Each time more victims are added to the lists we’ve lost more firefighters, carpenters, solar panel installers, roofers, landscapers, bookkeepers, and bus drivers.

November 5, 2017 27 people died, another 20 were injured in a church in Sunderland Springs, Texas.  Each time we add victims to the list we lose more truck drivers, reporters, day care providers, steelworkers, pilots, housekeepers, and file clerks.

October 1, 2017, a mass killing cost us 58 victims and 441 injured at a music concert in Las Vegas, Nevada.  Each time we add victims to the list we extinguish the lives of more people who matter. We lost a man shielding his wife on their wedding anniversary.  We lost a health care management major, a commercial fisherman, a kindergarten teacher, a police department records technician, a registered nurse, a member of the US Navy, a waitress, a soldier, a teacher, a secretary, a family law attorney, a contractor, an office manager, a financial adviser, a home contractor, a librarian, a make up artist, a corrections officer, … girlfriends, wives, mothers, grandmothers, boyfriends, husbands, fathers, grandfathers…

Our economic fabric is in the details.  We are a composite of the electrician, barber, receptionist, plumbers, secretaries, mechanics, cooks, soldiers, firefighters, carpenters, solar panel installers, roofers, landscapers, bookkeepers, bus drivers,  truck drivers, reporters, day care providers, steelworkers, pilots, housekeepers,  file clerks,  health care management personnel, commercial fisherman,  kindergarten teacher,  police department records technician,  registered nurse,  member of the US Navy,  waitress,  soldier,  teacher,  secretary,  family law attorney,  contractor,  office manager,  financial adviser,  home contractor,  librarian,  make up artist,  corrections officer…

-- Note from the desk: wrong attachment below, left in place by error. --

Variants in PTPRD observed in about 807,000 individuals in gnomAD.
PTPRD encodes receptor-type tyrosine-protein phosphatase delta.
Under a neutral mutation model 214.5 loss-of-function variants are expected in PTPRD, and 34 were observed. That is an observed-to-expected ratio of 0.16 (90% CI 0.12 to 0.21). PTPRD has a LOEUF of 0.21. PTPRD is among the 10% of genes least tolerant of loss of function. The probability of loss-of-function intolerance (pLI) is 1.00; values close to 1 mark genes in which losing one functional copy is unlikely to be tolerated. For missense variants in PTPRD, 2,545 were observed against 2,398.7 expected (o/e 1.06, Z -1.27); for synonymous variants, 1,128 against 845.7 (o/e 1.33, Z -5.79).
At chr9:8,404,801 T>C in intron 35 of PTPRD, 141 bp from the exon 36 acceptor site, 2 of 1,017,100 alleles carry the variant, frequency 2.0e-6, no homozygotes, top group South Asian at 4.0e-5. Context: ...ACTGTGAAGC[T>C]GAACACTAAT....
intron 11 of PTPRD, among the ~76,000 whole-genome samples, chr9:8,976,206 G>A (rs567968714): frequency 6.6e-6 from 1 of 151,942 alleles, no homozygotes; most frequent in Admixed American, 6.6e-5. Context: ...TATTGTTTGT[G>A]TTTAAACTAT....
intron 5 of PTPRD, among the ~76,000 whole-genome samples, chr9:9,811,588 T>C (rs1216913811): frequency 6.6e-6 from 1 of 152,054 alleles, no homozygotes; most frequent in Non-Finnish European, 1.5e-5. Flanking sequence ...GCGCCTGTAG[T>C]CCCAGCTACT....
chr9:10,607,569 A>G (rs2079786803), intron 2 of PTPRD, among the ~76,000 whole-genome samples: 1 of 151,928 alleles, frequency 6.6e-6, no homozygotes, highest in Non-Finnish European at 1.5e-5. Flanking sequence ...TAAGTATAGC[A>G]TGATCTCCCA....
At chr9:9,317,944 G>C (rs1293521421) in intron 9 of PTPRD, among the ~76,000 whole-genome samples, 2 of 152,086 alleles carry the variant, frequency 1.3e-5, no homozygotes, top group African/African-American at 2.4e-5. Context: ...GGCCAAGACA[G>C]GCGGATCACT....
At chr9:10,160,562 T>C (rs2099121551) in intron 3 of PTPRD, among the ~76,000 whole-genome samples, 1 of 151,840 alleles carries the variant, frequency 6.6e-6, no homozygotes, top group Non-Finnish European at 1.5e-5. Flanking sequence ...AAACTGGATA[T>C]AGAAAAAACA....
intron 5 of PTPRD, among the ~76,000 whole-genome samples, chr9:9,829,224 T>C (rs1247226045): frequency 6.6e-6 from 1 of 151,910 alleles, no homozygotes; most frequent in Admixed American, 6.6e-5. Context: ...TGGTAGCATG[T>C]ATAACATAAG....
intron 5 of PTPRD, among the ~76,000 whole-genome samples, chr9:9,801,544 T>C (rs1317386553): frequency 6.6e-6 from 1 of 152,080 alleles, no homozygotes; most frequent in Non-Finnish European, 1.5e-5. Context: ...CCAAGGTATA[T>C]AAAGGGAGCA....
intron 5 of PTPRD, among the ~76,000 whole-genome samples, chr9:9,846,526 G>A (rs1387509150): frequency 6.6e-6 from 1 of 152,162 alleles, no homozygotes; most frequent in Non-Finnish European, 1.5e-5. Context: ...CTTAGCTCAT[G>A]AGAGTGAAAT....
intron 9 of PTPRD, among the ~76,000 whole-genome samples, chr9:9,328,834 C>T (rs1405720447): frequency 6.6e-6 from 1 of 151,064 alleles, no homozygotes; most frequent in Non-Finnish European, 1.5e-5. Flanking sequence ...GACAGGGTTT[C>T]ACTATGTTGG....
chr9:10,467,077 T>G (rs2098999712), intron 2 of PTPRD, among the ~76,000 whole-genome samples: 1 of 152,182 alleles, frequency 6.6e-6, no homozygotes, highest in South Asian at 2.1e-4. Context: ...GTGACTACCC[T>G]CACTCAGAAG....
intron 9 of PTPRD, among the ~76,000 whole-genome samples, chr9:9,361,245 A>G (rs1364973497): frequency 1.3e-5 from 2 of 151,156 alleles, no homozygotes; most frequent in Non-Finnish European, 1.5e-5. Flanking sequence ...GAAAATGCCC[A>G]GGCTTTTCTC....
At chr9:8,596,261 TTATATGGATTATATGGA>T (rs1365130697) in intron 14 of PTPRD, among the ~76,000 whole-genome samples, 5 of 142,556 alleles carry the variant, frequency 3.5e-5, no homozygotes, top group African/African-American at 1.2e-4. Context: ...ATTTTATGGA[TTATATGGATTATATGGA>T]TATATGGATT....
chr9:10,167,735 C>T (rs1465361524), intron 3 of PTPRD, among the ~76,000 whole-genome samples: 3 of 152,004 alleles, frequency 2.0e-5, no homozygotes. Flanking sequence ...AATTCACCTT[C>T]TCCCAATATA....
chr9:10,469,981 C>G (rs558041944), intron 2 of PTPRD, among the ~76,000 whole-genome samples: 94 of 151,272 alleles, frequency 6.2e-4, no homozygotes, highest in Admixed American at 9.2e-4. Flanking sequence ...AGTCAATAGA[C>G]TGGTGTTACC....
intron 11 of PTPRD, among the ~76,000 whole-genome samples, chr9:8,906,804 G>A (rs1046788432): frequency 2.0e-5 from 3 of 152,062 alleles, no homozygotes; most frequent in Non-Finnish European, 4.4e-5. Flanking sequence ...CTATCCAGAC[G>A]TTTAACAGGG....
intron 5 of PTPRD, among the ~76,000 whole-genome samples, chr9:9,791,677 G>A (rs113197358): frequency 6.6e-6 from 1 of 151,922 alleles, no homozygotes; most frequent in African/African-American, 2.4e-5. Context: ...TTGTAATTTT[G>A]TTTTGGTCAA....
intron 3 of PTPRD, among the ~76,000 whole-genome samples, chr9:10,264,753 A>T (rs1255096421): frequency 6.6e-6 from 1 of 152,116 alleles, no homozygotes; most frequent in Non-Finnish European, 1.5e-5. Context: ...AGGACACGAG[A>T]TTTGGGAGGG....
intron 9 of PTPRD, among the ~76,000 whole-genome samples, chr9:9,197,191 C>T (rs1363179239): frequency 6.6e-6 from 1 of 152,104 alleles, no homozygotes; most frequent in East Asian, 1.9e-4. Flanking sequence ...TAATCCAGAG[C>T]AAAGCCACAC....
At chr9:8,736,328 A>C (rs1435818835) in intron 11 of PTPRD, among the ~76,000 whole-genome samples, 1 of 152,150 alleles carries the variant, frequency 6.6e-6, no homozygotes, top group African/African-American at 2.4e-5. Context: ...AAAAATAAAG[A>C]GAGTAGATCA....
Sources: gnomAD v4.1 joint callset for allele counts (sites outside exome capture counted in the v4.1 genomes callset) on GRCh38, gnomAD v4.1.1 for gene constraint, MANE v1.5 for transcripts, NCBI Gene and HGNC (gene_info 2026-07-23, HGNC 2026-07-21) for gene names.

Reduce the numbers of the people who make our economy run, eliminate the waitress at the small diner who brings that first cup of coffee with a smile to start the day, make the auto mechanic who figures out why there’s a persistent problem with the fuel injection system vanish, and we are all reduced as the power in our multiplicity of economic gears is reduced by one.

Our social fabric is in the details, in the relationships between boy friends and girl friends, wives and husbands, mothers and fathers, children, grandparents, grandchildren, neighbors, friends, and co-workers.  Eliminate any of these relationships in our communities, and we are all reduced by the unraveling of all those tiny threads which combined together form the incredibly complex and beautiful tapestry of our social lives in this nation.

No “endorsement,” no pandering for a few votes, is worth the grains of sand in our economic gears as grain by grain we add problems by reducing our numbers.  No “endorsement,” no pandering for a few votes is worth the unraveling of the tapestry of our lives, the loss of each loved one pulling at loose threads until we fray from the edges.

Politicians Heller and Amodei may take pleasure in their A ratings from the NRA, I am only sorry they cannot take as much pleasure in the defense of the lives of our children, our boyfriends and girl friends, our wives and husbands, our parents and grandparents; in the wonderfully interwoven tapestry of American life.

 

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Laxalt Wading in the Waters